Imagine for a moment that you can jump in an Uber to your nearest tube station, take the trains to your location, and hop on a Boris bike to get to your destination and use only one system to pay for it all...
Enter the Finnish tech start-up, MaaS Global and their innovative (and exciting) app,Whim. This app integrates the mix of public and private transport options into a universal pay-as-you-go package that any city-dweller or visitor can purchase.
This Economist article touches on something that comes up frequently with colleagues: the challenges cities face when confronting traffic, public transport routes, and resolving the 'first mile-last mile' issue. Many of our discussions inevitably lead to the point that ride-sharing apps, such as Uber or Lyft, could help alleviate traffic congestion by sharing their data with public authorities and public transportation agencies.
Uber, for example, collects reams of valuable data on traffic patterns when drivers are both busy and idle. This private sector data ought to be shared with public transport agencies, such as Transport for London, so that busses, the Overground, and Underground networks could adapt in real time to areas of traffic congestion and peak/off-peak demand. This would also allow Uber to integrate their service into the transportation network. And ultimately, it could give the public more choice and better access to transport when and where they need it.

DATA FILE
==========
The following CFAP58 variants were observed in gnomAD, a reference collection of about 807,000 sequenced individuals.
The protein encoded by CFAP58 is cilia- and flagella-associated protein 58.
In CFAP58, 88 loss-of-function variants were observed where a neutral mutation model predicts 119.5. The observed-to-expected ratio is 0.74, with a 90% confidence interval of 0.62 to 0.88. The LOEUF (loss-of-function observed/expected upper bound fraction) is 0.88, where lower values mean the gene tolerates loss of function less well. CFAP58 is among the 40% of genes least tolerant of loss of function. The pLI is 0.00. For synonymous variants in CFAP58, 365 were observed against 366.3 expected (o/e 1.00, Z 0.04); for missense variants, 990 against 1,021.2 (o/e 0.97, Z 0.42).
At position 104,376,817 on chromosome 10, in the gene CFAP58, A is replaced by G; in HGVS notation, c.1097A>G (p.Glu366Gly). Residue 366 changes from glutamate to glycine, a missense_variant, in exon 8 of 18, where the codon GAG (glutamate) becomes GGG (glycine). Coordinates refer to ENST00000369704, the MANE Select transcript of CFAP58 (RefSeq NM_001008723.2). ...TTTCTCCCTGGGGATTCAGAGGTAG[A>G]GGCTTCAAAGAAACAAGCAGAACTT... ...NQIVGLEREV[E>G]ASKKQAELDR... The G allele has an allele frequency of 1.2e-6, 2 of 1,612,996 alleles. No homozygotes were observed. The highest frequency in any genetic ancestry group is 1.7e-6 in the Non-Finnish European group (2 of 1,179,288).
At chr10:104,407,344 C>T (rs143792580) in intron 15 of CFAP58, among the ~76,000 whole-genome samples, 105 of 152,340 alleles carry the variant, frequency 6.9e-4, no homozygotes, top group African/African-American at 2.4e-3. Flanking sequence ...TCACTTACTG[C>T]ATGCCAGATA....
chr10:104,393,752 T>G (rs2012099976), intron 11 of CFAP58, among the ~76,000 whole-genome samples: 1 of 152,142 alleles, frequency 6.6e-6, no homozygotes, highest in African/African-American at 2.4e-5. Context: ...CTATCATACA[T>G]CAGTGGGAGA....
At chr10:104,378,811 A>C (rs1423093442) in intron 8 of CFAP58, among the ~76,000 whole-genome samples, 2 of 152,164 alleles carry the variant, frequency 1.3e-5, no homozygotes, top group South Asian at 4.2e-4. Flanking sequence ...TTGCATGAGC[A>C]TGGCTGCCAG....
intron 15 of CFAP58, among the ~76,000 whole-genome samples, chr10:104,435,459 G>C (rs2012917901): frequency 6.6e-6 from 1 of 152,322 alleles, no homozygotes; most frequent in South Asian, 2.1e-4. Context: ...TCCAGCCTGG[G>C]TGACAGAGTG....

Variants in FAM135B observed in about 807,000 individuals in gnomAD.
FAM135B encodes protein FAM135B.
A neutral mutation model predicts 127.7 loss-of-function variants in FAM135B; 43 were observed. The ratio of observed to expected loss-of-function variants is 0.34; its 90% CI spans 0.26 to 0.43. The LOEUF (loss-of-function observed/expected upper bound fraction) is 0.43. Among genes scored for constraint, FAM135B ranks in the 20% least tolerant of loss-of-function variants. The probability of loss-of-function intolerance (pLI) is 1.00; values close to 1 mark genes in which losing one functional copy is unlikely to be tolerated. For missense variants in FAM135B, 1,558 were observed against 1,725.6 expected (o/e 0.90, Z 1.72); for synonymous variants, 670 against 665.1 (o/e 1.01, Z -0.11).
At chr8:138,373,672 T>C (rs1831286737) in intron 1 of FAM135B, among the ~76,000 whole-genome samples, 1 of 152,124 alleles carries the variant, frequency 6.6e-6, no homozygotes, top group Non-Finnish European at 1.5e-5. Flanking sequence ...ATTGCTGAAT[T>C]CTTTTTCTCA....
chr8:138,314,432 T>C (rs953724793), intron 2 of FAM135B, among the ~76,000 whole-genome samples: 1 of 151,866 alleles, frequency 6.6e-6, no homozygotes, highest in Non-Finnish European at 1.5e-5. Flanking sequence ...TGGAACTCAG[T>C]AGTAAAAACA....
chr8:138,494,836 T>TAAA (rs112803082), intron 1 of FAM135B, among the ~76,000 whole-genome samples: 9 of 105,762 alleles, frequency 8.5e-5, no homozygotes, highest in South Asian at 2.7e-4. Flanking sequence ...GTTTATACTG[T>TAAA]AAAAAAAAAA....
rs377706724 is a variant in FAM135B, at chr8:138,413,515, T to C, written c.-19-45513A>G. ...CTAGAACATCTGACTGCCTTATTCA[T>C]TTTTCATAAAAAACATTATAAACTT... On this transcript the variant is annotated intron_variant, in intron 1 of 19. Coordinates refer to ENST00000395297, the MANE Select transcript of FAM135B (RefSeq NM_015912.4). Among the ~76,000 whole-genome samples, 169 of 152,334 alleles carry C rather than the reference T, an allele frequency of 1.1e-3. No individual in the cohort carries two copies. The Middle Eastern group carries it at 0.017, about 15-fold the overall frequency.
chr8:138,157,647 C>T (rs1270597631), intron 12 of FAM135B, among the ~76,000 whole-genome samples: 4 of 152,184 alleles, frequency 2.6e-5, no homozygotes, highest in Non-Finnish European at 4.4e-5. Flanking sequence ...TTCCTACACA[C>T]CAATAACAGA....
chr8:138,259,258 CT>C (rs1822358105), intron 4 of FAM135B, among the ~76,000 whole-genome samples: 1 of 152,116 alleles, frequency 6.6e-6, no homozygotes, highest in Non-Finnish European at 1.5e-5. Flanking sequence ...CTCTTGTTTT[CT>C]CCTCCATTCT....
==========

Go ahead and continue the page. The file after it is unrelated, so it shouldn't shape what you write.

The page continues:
I have a lot of hope for opportunities offered in Whim and, personally, am excited to try it out if it comes to London. But It will depend on getting the likes of Uber and the taxi cabs on board - something that I suspect they may be hesitant to do.
truly turning transport into a service, as Helsinki is aiming to do, is a Herculean task. It not only means integrating the booking, payment and operating systems of dozens of transport providers. It also means persuading private firms to take part in the first place. Public-transport operators can be forced to do so by national or municipal authorities. But private operators may balk at sharing data and real-time information on customers with a third party, even if they are promised confidentiality.